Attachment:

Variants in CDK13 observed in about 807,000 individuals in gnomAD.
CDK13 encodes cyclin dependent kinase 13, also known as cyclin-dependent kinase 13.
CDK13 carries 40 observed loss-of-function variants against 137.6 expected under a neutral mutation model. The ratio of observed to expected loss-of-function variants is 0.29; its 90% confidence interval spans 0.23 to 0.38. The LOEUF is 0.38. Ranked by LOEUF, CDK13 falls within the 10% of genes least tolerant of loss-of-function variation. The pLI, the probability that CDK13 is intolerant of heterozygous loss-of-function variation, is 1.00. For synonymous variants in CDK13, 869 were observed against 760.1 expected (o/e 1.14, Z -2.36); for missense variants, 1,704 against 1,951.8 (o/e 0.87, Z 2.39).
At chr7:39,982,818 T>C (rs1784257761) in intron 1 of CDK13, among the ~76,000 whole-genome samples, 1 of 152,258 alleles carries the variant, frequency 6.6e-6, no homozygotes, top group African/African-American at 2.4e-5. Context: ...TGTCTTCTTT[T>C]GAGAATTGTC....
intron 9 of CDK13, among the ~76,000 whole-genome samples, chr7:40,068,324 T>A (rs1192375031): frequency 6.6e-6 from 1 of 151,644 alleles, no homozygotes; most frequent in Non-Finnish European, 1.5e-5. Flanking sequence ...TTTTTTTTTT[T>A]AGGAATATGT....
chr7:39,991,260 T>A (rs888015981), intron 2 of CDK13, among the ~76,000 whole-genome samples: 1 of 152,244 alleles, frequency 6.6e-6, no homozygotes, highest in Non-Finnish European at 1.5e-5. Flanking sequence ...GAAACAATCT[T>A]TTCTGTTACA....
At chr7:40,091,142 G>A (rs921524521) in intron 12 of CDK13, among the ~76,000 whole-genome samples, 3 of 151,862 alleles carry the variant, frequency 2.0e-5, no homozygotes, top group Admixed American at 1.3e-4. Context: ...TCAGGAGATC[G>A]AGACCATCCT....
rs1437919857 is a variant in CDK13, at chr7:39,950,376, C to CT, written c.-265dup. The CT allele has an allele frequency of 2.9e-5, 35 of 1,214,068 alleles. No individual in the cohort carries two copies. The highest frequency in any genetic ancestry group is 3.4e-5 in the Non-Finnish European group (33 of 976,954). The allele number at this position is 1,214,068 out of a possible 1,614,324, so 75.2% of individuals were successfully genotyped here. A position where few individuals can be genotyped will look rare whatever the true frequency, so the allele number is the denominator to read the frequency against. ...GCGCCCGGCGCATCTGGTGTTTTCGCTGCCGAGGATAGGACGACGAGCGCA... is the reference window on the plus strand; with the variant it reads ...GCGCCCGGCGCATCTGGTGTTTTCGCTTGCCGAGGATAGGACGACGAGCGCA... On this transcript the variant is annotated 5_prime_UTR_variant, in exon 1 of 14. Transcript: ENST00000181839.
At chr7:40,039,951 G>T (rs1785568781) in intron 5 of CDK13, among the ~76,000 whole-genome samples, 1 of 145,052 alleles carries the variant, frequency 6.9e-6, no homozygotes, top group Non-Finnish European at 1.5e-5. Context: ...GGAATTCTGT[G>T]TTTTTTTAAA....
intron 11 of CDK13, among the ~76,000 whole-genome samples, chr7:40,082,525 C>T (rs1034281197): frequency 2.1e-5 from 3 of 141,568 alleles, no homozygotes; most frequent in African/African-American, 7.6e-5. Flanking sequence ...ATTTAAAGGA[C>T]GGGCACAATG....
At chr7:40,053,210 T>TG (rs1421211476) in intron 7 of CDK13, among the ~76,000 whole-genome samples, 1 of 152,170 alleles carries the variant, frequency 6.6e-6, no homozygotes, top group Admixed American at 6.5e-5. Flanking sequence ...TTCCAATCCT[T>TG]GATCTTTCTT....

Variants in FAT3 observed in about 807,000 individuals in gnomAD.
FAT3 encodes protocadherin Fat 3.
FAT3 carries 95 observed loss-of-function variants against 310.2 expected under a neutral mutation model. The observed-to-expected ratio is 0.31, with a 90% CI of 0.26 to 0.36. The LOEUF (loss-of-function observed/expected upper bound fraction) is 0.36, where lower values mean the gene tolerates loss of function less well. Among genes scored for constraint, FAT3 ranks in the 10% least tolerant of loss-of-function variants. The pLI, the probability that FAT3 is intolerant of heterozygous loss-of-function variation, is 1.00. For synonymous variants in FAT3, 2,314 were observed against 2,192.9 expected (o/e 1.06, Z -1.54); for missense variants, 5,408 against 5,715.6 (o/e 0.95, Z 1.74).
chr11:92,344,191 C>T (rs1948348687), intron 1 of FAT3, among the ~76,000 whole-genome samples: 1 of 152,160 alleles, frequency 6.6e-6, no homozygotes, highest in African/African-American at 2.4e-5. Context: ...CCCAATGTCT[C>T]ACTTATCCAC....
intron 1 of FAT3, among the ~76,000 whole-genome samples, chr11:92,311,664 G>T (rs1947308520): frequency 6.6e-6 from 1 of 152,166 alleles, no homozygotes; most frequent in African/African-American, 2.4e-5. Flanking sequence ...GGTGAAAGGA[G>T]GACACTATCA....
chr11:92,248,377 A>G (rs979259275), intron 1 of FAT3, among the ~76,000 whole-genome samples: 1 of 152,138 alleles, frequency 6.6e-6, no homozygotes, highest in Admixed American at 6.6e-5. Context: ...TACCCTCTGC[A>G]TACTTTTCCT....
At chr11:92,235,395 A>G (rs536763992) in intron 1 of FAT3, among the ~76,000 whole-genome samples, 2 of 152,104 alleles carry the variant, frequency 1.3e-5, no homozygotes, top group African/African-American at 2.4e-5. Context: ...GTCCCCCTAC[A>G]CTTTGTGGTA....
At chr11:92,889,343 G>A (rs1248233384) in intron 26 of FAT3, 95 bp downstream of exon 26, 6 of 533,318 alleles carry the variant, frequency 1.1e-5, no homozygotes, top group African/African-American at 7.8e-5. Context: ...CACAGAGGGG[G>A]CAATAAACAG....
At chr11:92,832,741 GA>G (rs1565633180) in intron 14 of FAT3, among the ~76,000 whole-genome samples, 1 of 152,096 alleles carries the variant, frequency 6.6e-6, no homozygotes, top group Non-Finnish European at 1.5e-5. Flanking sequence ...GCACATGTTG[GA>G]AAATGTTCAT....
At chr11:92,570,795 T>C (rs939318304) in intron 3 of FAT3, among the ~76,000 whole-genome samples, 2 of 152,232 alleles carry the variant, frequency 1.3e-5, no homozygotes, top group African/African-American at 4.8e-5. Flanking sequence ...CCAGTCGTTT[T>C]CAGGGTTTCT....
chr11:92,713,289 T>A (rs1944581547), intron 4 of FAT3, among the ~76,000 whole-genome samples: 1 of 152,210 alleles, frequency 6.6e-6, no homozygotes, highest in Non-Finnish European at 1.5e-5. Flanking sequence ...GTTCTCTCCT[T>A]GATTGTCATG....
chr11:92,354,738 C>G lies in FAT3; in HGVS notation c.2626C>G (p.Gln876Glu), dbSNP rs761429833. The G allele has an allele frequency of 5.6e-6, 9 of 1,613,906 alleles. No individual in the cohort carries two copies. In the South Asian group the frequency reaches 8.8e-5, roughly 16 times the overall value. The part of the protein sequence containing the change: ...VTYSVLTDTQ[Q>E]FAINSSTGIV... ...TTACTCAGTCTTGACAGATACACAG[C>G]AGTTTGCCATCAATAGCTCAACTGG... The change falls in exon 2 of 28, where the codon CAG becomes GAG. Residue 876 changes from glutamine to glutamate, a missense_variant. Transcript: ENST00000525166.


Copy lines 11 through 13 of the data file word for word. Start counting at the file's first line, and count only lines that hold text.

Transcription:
At chr7:40,053,210 T>TG (rs1421211476) in intron 7 of CDK13, among the ~76,000 whole-genome samples, 1 of 152,170 alleles carries the variant, frequency 6.6e-6, no homozygotes, top group Admixed American at 6.5e-5. Flanking sequence ...TTCCAATCCT[T>TG]GATCTTTCTT....

Variants in FAT3 observed in about 807,000 individuals in gnomAD.
FAT3 encodes protocadherin Fat 3.